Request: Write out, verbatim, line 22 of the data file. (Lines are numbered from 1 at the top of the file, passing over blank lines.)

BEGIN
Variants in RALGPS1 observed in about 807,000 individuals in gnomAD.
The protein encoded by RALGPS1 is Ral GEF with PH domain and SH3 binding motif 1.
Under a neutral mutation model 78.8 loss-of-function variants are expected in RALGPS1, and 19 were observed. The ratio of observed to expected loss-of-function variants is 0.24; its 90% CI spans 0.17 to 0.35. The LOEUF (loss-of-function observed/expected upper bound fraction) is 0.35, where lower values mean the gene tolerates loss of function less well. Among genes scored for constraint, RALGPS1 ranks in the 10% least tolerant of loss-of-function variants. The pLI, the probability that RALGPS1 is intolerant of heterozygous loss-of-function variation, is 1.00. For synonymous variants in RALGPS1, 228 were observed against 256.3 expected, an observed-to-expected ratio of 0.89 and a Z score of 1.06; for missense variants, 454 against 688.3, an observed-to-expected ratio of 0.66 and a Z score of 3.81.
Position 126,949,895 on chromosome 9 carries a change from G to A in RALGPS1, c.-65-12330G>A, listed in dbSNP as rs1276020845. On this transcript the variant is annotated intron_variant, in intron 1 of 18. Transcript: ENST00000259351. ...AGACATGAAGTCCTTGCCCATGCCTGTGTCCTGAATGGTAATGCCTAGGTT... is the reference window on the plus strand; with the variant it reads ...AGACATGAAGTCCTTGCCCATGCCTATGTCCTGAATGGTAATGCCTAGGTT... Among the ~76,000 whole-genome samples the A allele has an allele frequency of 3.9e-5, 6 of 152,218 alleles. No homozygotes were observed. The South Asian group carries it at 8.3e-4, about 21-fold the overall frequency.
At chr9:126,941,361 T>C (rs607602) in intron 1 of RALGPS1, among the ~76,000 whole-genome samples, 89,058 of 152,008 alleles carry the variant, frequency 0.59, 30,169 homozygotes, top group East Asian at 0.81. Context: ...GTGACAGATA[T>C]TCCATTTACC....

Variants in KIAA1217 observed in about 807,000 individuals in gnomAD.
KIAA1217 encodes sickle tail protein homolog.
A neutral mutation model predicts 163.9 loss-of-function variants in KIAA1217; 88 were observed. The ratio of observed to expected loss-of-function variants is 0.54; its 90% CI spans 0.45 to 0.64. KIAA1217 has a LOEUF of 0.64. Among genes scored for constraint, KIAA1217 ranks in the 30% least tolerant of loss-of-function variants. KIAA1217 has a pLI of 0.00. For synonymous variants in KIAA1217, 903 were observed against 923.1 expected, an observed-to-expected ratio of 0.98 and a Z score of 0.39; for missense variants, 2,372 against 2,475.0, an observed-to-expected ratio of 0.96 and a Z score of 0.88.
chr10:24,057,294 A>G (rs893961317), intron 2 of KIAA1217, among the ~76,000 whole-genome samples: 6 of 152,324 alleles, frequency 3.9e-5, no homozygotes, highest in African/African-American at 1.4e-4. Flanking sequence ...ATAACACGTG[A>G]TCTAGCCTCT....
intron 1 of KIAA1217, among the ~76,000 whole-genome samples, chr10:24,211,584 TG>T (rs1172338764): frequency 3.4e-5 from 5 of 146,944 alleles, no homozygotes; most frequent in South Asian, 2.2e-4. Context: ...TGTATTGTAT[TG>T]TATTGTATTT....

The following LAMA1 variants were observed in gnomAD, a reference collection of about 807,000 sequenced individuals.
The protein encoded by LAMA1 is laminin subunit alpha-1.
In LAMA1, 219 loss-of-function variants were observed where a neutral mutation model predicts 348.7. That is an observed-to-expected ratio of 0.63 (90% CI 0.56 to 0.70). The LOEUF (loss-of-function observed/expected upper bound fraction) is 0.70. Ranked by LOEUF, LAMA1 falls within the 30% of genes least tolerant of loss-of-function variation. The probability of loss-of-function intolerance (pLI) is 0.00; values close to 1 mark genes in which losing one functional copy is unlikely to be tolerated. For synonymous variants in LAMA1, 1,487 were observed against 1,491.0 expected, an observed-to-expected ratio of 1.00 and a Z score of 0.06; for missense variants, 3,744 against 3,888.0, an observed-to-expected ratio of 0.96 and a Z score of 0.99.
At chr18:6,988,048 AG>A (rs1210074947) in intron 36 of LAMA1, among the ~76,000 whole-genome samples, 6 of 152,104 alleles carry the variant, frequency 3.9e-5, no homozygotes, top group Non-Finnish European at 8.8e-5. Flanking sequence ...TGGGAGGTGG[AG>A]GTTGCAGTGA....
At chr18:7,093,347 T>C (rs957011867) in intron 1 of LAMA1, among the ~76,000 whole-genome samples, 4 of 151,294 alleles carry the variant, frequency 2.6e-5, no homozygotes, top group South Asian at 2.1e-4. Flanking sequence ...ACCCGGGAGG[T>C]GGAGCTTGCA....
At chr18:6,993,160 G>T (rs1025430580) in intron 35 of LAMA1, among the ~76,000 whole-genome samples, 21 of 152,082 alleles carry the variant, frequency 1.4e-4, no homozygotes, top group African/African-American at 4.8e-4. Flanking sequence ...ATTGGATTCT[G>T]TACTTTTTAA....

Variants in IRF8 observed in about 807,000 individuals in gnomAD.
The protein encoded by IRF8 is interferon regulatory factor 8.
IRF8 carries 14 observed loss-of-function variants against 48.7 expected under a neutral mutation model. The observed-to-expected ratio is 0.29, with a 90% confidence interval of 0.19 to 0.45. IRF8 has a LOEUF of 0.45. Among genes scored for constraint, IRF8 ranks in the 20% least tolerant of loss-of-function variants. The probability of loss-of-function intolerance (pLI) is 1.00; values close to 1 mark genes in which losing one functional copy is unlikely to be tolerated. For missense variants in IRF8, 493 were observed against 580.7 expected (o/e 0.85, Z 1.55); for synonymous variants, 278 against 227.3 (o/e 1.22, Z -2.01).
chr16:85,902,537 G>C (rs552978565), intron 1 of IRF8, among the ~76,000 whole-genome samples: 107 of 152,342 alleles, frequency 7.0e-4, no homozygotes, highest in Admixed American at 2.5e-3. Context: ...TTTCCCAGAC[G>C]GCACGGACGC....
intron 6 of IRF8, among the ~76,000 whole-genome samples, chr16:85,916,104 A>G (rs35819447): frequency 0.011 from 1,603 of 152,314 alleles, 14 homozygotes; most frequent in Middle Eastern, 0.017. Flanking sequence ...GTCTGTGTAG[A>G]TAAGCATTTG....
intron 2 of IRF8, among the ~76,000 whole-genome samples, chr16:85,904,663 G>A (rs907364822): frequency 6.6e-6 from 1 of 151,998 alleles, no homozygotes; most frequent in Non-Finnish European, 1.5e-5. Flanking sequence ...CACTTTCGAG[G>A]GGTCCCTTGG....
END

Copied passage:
intron 2 of IRF8, among the ~76,000 whole-genome samples, chr16:85,904,663 G>A (rs907364822): frequency 6.6e-6 from 1 of 151,998 alleles, no homozygotes; most frequent in Non-Finnish European, 1.5e-5. Flanking sequence ...CACTTTCGAG[G>A]GGTCCCTTGG....